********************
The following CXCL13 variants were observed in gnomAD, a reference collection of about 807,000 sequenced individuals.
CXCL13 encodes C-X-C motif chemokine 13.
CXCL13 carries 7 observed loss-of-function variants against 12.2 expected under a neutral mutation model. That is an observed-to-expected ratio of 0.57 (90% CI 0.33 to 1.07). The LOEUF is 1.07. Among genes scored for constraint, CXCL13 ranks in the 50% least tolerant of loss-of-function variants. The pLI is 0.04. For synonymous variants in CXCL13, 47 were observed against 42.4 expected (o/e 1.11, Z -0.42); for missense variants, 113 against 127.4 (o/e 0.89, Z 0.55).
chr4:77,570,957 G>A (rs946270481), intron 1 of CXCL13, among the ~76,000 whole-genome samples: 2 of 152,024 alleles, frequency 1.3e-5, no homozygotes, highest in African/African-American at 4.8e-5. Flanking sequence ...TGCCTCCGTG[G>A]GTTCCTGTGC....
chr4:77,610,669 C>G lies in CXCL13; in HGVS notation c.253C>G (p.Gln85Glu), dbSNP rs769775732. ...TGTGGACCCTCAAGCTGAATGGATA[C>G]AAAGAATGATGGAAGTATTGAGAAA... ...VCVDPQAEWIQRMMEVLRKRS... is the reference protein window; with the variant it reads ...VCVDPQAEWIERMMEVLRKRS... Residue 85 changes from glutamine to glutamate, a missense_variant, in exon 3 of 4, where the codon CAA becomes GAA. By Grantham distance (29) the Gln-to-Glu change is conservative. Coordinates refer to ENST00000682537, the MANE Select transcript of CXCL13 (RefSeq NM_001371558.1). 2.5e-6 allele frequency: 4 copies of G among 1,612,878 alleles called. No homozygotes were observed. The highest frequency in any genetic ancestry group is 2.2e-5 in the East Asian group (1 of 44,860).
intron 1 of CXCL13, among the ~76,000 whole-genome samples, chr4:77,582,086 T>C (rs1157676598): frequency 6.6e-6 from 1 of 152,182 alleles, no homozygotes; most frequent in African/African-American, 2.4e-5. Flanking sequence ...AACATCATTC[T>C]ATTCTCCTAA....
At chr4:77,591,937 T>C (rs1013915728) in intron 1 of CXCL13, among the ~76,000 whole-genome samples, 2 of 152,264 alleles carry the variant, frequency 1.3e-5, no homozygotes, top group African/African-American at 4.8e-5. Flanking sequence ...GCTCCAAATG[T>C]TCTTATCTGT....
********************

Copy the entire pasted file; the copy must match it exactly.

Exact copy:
The following CXCL13 variants were observed in gnomAD, a reference collection of about 807,000 sequenced individuals.
CXCL13 encodes C-X-C motif chemokine 13.
CXCL13 carries 7 observed loss-of-function variants against 12.2 expected under a neutral mutation model. That is an observed-to-expected ratio of 0.57 (90% CI 0.33 to 1.07). The LOEUF is 1.07. Among genes scored for constraint, CXCL13 ranks in the 50% least tolerant of loss-of-function variants. The pLI is 0.04. For synonymous variants in CXCL13, 47 were observed against 42.4 expected (o/e 1.11, Z -0.42); for missense variants, 113 against 127.4 (o/e 0.89, Z 0.55).
chr4:77,570,957 G>A (rs946270481), intron 1 of CXCL13, among the ~76,000 whole-genome samples: 2 of 152,024 alleles, frequency 1.3e-5, no homozygotes, highest in African/African-American at 4.8e-5. Flanking sequence ...TGCCTCCGTG[G>A]GTTCCTGTGC....
chr4:77,610,669 C>G lies in CXCL13; in HGVS notation c.253C>G (p.Gln85Glu), dbSNP rs769775732. ...TGTGGACCCTCAAGCTGAATGGATA[C>G]AAAGAATGATGGAAGTATTGAGAAA... ...VCVDPQAEWIQRMMEVLRKRS... is the reference protein window; with the variant it reads ...VCVDPQAEWIERMMEVLRKRS... Residue 85 changes from glutamine to glutamate, a missense_variant, in exon 3 of 4, where the codon CAA becomes GAA. By Grantham distance (29) the Gln-to-Glu change is conservative. Coordinates refer to ENST00000682537, the MANE Select transcript of CXCL13 (RefSeq NM_001371558.1). 2.5e-6 allele frequency: 4 copies of G among 1,612,878 alleles called. No homozygotes were observed. The highest frequency in any genetic ancestry group is 2.2e-5 in the East Asian group (1 of 44,860).
intron 1 of CXCL13, among the ~76,000 whole-genome samples, chr4:77,582,086 T>C (rs1157676598): frequency 6.6e-6 from 1 of 152,182 alleles, no homozygotes; most frequent in African/African-American, 2.4e-5. Flanking sequence ...AACATCATTC[T>C]ATTCTCCTAA....
At chr4:77,591,937 T>C (rs1013915728) in intron 1 of CXCL13, among the ~76,000 whole-genome samples, 2 of 152,264 alleles carry the variant, frequency 1.3e-5, no homozygotes, top group African/African-American at 4.8e-5. Flanking sequence ...GCTCCAAATG[T>C]TCTTATCTGT....